The city could use income tax revenue from the soon-to-be relocated Clark, Schaefer and Hackett for parking improvements downtown, according to public documents.
The city and the accounting firm recently announced an employee incentive agreement which will move the company to recently renovated Bushnell Building, 14 E. Main St., with parking considerations. City commissioners approved the agreement at Tuesday’s meeting.
The company will generate approximately $86,000 in income tax revenue for the city, assuming employment numbers are met, said city manager Jim Bodenmiller.
“We have every indication they will be, and we’re excited to have them,” Bodenmiller said.
The city plans to use 50 percent of the tax revenue to establish a Downtown Parking Account, which will be used to:
• develop additional parking facilities in downtown, including but not limited to one or more parking garage structures,
• maintaining and expanding current parking facilities in downtown or,
• signs and other parking management fixtures and equipment.
The city will use money from the account to lease or make available 20 spaces for Clark, Schaefer and Hackett, if parking becomes an issue downtown.
The firm has 55 employees with $4.75 million in wages per year, according to public documents. They’ll occupy about 17,000 square feet on the fifth floor of the building.
The company is investing $500,000 into the building and plans to relocate the office this fall. They’ve been located at 2525 N. Limestone St. since 1995.
After its $10 million renovation in 2011, the Bushnell Building will have all but 10,000 square feet occupied. Bushnell Building owner Jim Lagos said parking shouldn’t be a problem in the short term.
However, if tenants Clark, Schaefer and Hackett and CodeBlue continue their planned growth, more parking will be needed.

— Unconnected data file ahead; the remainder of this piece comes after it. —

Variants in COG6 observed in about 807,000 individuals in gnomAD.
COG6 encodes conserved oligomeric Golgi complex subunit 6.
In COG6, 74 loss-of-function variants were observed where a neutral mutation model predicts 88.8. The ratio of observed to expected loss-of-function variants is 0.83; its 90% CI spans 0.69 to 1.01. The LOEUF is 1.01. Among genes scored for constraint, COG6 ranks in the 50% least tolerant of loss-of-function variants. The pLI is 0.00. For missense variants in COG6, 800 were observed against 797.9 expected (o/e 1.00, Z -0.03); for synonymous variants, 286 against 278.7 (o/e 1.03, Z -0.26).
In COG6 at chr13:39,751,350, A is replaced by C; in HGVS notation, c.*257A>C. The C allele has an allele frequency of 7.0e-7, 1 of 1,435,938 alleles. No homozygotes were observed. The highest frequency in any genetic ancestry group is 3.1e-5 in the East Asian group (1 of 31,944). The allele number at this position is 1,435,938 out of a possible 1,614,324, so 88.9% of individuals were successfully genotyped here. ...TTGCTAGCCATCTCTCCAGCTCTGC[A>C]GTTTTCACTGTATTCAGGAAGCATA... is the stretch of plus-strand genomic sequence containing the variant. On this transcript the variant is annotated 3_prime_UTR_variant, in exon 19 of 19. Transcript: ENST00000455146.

“We’re in desperate need of parking to expand employment,” Lagos said.
The city is still looking for funding for a $9 million, three-story, 450-space parking garage, expected to be located on the corner of West Columbia Street and North Fountain Ave.
“It continues to be something we work on,” Bodenmiller said.
Lagos said the Greater Springfield Chamber of Commerce, public sector and private sector are all looking for ways to increase parking downtown.
“We’ve all got to work together to get this done,” Lagos said. “It’s all about future growth.”
Center City Association interim director Elaine Morris Roberts believes parking won’t be an issue because of the commitment of local leaders to finding more spaces downtown.
She’s excited about the accounting firm’s move to downtown, which will become a “catalyst” for growth everywhere. She believes it will have an impact on restaurants and retail stores.
“It’s a testament to the growth they think is going to happen downtown,” Roberts said.
Bodenmiller said leaders are still deciding whether the city-owned gravel parking lot on the corner of North Fountain Avenue and West Columbia Street will get a face lift later this year after bids came back higher than expected. The paved lot is expected to create approximately 104 parking spots.
The $1.2 million, two-way street conversion and streetscape improvements on Fountain Avenue is currently under construction downtown.
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